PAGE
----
On the Subject of Drama

Overview

Although much has been written on how the drama elements of the English curriculum might be taught in schools, there is less guidance available for teachers who regard drama not as an adjunct of English but as an arts subject in its own right.
In this volume, David Hornbrook and a team of experienced drama specialists show how the subject of drama may be defined and taught. Drawing on literature, visual art, music and dance as well as the rich and varied traditions of drama ...

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Overview

Although much has been written on how the drama elements of the English curriculum might be taught in schools, there is less guidance available for teachers who regard drama not as an adjunct of English but as an arts subject in its own right.
In this volume, David Hornbrook and a team of experienced drama specialists show how the subject of drama may be defined and taught. Drawing on literature, visual art, music and dance as well as the rich and varied traditions of drama itself, they map out an eclectic subject curriculum for students of all ages. Opening up the field in new and exciting ways, the book embraces the widest possible range of dramatic knowledge and skills, from the Natyashastra of ancient India to contemporary classroom improvisation.
The book is divided into three sections:
The teaching and learning of drama: ideas about interculturalism, creativity and craft - key concepts informing the drama curriculum - are interrogated and re-theorised for the classroom.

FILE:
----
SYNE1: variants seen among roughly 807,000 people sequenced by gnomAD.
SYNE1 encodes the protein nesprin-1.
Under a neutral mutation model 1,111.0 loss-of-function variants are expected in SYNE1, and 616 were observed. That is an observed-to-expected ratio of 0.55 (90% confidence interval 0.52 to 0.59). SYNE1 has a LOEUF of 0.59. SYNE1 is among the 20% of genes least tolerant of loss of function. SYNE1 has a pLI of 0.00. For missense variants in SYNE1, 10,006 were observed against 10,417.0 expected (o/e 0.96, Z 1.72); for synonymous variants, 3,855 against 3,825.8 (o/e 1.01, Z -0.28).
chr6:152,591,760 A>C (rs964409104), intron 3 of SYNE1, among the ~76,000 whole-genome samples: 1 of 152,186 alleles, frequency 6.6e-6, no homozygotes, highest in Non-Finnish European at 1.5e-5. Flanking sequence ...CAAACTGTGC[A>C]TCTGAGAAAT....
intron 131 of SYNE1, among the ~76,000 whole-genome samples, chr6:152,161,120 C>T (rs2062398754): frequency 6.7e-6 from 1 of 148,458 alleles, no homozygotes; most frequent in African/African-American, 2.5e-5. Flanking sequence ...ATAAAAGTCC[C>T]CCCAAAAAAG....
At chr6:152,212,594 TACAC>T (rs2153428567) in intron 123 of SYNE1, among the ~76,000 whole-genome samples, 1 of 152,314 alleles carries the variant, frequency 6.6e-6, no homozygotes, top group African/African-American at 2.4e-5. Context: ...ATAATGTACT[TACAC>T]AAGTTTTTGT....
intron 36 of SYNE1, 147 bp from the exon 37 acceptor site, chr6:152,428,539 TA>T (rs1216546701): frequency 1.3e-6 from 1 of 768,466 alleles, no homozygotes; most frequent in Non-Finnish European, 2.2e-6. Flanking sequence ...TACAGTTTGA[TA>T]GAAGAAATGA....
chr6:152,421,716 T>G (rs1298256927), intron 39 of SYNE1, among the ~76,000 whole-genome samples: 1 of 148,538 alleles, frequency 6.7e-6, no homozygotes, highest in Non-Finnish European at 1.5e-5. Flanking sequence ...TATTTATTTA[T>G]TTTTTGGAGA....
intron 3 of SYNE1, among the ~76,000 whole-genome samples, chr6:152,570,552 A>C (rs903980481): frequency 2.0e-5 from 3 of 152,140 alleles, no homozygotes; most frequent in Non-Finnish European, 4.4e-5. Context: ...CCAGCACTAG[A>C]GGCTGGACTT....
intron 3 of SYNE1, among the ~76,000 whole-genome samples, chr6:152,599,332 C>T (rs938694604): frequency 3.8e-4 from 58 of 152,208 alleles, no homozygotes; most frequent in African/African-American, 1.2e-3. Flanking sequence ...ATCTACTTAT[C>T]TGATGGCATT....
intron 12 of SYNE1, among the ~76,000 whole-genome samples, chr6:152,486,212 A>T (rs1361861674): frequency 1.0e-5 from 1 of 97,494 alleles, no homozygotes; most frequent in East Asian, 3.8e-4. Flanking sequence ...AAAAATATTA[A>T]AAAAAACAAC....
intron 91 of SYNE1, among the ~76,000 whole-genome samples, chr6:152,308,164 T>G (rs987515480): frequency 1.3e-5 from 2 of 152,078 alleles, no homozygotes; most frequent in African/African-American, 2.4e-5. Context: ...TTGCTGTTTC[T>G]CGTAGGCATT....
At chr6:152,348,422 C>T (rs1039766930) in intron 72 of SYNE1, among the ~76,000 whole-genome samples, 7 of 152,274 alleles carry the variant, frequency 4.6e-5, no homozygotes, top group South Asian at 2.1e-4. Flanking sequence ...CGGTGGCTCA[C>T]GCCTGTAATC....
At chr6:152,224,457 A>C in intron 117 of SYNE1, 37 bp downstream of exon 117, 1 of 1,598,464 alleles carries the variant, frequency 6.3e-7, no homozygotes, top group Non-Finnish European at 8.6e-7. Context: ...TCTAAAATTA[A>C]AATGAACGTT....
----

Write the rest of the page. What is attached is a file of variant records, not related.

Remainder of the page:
Making and performing drama in school: the fundamental processes of reading and writing plays for performance are explored, along with the potential of dance to enhance and extend students' experience of dramatic performance.
Watching and understanding drama: ensuring the curriculum is appropriately balanced between the production and reception of drama, this last section emphasises the role of students as audience - for both live and electronic performances - and the development of a dramatic vocabulary.

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Editorial Reviews

Booknews
Drawing on literature, visual art, music, and dance as well as the rich and varied traditions of drama itself, contributors map out an eclectic drama curriculum for students of all ages. Section I explores and reinterprets theories on interculturalism, creativity, and craft, and Section II explores processes of reading and writing plays and the potential of dance. Section III emphasizes the role of students as audience and development of a dramatic vocabulary. Annotation c. by Book News, Inc., Portland, Or.
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Product Details

  • ISBN-13: 9780415168823
  • Publisher: Taylor & Francis
  • Publication date: 6/5/1998
  • Pages: 216
  • Product dimensions: 6.14 (w) x 9.21 (h) x 0.56 (d)

Table of Contents

Notes on contributors
Foreword
Pt. I The teaching and learning of drama 1
Introduction 3
1 Drama and education 6
2 Stages of the world 18
3 Creativity in context 36
4 Crafting dramas 51
Pt. II Making and performing drama in school 69
Introduction 71
5 Writing plays: taking note of genre 73
6 Reading plays for performance 92
7 The choreography of performance 112
Pt. III Watching and understanding drama 129
Introduction 131
8 On being an audience: a spectator's guide 133
9 Making sense of drama in an electronic age 151
10 Building a dramatic vocabulary 169
Bibliography 185
Index 195
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